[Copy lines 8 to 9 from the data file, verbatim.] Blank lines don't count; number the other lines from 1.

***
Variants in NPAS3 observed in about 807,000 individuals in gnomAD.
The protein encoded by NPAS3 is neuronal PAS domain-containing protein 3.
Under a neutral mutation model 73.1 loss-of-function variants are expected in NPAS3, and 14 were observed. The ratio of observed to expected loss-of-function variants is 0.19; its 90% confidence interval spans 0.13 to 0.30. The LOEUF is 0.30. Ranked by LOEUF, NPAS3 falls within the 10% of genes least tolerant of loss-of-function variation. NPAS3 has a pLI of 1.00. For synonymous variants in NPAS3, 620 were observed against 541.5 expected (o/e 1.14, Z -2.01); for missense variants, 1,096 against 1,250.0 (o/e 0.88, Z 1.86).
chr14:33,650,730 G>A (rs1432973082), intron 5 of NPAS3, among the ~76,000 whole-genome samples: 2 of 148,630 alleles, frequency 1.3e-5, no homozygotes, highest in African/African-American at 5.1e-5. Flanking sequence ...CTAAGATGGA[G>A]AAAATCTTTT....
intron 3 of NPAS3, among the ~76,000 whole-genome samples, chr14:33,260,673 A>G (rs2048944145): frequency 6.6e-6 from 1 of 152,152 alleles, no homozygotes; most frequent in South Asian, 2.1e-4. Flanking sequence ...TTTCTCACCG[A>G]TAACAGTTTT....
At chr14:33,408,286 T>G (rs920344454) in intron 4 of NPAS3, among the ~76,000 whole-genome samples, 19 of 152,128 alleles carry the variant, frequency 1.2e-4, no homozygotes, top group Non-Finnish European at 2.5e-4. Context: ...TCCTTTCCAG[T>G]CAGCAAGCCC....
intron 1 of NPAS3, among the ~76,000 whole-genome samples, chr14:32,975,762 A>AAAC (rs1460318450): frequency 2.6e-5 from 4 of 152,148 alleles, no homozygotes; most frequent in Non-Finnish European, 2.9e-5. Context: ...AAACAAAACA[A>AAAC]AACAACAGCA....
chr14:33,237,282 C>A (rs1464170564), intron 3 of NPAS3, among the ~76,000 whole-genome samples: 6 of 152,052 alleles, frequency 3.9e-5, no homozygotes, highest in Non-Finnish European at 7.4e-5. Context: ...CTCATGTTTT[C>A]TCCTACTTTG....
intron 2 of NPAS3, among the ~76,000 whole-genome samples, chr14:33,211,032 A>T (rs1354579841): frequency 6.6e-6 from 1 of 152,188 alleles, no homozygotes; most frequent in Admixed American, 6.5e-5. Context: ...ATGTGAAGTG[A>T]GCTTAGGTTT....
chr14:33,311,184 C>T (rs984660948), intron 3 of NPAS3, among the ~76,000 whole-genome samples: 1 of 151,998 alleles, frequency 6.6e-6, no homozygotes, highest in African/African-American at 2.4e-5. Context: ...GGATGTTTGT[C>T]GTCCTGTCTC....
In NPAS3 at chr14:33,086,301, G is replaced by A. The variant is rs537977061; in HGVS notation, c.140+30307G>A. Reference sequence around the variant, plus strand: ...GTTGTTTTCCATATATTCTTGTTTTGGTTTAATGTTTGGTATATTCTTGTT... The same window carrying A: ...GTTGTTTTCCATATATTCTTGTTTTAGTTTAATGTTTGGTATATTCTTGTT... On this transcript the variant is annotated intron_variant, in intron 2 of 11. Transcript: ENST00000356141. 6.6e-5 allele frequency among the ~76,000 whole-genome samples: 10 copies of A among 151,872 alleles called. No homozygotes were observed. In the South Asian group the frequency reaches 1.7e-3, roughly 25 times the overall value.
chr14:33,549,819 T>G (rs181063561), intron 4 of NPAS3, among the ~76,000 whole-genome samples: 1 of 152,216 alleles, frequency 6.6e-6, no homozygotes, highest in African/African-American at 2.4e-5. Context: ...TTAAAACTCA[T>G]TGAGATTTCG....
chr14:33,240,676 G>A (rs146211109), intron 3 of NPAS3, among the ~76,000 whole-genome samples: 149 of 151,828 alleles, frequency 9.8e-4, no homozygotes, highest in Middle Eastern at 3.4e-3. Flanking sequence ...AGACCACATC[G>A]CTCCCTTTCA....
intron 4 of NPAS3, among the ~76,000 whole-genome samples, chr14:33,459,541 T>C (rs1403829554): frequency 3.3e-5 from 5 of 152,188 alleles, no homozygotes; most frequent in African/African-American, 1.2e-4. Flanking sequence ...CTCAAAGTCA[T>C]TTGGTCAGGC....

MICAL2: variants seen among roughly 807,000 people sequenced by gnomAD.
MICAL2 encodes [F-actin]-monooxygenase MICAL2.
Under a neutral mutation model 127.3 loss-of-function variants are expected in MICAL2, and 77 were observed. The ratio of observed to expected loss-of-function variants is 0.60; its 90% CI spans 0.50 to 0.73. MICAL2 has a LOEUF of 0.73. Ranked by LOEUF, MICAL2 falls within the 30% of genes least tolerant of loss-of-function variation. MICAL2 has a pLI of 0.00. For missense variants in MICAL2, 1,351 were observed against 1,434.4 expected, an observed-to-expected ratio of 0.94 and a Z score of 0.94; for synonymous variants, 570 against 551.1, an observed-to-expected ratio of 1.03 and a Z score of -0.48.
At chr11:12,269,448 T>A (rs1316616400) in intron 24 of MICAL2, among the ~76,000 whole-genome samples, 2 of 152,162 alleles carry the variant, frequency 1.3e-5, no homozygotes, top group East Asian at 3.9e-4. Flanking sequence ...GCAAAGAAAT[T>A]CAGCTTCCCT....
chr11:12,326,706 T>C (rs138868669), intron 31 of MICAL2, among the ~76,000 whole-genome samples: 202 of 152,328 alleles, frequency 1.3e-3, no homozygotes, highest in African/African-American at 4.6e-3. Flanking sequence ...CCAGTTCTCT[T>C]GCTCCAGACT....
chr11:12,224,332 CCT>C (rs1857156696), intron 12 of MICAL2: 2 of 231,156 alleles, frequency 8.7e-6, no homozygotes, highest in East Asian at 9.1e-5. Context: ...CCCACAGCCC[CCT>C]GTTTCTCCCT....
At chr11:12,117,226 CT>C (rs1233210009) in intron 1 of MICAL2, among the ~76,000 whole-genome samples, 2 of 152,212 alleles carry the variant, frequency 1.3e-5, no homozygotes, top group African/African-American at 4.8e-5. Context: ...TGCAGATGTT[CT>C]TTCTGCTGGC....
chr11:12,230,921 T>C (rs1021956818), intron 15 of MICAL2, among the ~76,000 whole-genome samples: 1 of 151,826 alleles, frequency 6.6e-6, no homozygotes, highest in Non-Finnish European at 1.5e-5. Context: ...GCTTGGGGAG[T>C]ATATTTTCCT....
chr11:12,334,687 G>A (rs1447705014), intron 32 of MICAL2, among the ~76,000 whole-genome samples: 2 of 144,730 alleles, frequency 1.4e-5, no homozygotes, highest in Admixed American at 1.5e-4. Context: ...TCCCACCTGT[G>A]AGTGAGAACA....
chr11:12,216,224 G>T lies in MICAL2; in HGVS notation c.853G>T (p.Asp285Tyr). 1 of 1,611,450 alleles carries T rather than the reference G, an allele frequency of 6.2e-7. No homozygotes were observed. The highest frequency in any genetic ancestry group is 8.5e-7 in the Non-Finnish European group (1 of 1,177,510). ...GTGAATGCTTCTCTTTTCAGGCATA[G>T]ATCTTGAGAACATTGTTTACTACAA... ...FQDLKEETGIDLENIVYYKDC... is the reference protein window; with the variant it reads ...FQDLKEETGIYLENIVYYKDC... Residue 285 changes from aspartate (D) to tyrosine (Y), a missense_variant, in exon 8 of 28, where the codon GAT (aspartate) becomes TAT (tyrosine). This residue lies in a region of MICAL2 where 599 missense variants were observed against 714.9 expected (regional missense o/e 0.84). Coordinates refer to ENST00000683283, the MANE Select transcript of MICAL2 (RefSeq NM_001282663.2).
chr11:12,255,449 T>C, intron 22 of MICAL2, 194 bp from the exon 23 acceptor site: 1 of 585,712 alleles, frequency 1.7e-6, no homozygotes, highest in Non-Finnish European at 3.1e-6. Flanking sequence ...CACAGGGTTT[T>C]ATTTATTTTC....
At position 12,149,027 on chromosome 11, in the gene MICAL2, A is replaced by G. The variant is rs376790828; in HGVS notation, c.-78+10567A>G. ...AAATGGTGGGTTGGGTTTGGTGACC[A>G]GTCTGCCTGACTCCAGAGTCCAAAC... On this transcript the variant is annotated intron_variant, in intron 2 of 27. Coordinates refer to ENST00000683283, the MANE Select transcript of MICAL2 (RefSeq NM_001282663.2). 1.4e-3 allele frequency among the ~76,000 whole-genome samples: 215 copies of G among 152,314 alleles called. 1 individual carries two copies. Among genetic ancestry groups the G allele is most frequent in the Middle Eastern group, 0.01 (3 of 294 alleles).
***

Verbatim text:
chr14:33,237,282 C>A (rs1464170564), intron 3 of NPAS3, among the ~76,000 whole-genome samples: 6 of 152,052 alleles, frequency 3.9e-5, no homozygotes, highest in Non-Finnish European at 7.4e-5. Context: ...CTCATGTTTT[C>A]TCCTACTTTG....
intron 2 of NPAS3, among the ~76,000 whole-genome samples, chr14:33,211,032 A>T (rs1354579841): frequency 6.6e-6 from 1 of 152,188 alleles, no homozygotes; most frequent in Admixed American, 6.5e-5. Context: ...ATGTGAAGTG[A>T]GCTTAGGTTT....